This makes things complicated. Section 9-13-420 of the United States Attorneys Manual, reproduced at the end of this post, spells out relevant procedures for raids such as the one yesterday on Michael Cohen.

A Conspiracy of Democrats?

Geoffrey S. Berman, currently the interim U.S. District Attorney for the Southern District of New York, authorized the raid, after one or more potential crimes were referred to him by Special Counsel Robert Mueller.

Attorney General Sessions appointed Berman after Trump had fired his predecessor—and had personally interviewed Berman as a replacement. Berman had previously been Rudi Giuliani’s partner at the Greenberg Traurig firm, and had contributed more than $5000 to the Trump campaign. (This might have been part of a “bundled” contribution solicited by the law firm; I don’t know.)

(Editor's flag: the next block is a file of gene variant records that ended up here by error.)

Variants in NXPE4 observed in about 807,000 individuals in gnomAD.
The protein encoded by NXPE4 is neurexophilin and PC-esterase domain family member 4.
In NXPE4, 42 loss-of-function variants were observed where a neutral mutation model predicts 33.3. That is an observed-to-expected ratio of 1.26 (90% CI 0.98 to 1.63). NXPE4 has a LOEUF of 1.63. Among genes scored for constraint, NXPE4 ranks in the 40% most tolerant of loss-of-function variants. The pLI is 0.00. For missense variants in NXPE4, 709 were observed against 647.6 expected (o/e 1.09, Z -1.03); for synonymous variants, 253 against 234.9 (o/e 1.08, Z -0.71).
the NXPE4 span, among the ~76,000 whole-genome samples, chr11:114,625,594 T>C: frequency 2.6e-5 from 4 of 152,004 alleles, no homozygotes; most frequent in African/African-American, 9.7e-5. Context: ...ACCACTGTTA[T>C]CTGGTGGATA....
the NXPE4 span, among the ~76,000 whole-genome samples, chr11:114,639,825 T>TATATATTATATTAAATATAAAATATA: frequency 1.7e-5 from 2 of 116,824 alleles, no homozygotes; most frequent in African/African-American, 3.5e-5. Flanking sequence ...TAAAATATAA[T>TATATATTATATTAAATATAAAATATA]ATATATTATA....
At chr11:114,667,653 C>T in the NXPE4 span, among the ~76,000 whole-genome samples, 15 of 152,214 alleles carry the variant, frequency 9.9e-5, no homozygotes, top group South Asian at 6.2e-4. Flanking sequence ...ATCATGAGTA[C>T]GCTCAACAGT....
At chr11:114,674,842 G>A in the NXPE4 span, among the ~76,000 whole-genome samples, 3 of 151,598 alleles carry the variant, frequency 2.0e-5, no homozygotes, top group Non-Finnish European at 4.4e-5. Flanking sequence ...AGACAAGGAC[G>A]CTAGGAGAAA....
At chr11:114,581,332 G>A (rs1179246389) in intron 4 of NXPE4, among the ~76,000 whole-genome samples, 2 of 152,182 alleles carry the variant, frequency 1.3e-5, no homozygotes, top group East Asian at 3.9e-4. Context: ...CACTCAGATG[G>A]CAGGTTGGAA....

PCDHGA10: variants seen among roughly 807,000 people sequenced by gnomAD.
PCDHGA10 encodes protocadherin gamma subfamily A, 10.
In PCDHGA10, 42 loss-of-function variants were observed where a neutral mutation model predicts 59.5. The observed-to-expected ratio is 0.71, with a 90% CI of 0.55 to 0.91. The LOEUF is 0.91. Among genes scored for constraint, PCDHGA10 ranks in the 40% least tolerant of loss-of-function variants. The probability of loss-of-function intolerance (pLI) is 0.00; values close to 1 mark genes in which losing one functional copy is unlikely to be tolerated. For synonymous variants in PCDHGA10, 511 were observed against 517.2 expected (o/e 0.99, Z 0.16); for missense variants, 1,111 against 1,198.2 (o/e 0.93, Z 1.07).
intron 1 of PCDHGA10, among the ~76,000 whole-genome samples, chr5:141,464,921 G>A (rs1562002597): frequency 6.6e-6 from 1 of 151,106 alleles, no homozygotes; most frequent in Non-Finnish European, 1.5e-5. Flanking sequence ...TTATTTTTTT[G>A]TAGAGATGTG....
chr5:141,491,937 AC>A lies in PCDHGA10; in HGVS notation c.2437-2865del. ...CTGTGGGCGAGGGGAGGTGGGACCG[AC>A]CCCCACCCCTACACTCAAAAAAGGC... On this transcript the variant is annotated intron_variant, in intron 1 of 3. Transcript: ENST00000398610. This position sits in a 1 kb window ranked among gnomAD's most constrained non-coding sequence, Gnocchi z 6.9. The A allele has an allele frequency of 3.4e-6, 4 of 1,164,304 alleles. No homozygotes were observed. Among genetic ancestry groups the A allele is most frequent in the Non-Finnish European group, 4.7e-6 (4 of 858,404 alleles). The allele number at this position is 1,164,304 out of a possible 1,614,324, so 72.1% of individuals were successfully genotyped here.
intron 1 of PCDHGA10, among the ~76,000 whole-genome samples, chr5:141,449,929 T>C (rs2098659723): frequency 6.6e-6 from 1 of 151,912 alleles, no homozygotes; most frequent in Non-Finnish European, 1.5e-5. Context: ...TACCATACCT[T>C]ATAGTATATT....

An August, 2017 N.Y. Times article provides considerable insight into Mr. Berman’s experience, character, and personality.


Extract from the U.S. Attorneys Manual:

9-13.420 – Searches of Premises of Subject Attorneys

NOTE: For purposes of this policy only, “subject” includes an attorney who is a “suspect, subject or target,” or an attorney who is related by blood or marriage to a suspect, or who is believed to be in possession of contraband or the fruits or instrumentalities of a crime. This policy also applies to searches of business organizations where such searches involve materials in the possession of individuals serving in the capacity of legal advisor to the organization. Search warrants for “documentary materials” held by an attorney who is a “disinterested third party” (that is, any attorney who is not a subject) are governed by 28 C.F.R. 59.4 and USAM 9-19.221 et seq. See also 42 U.S.C. Section 2000aa-11(a)(3).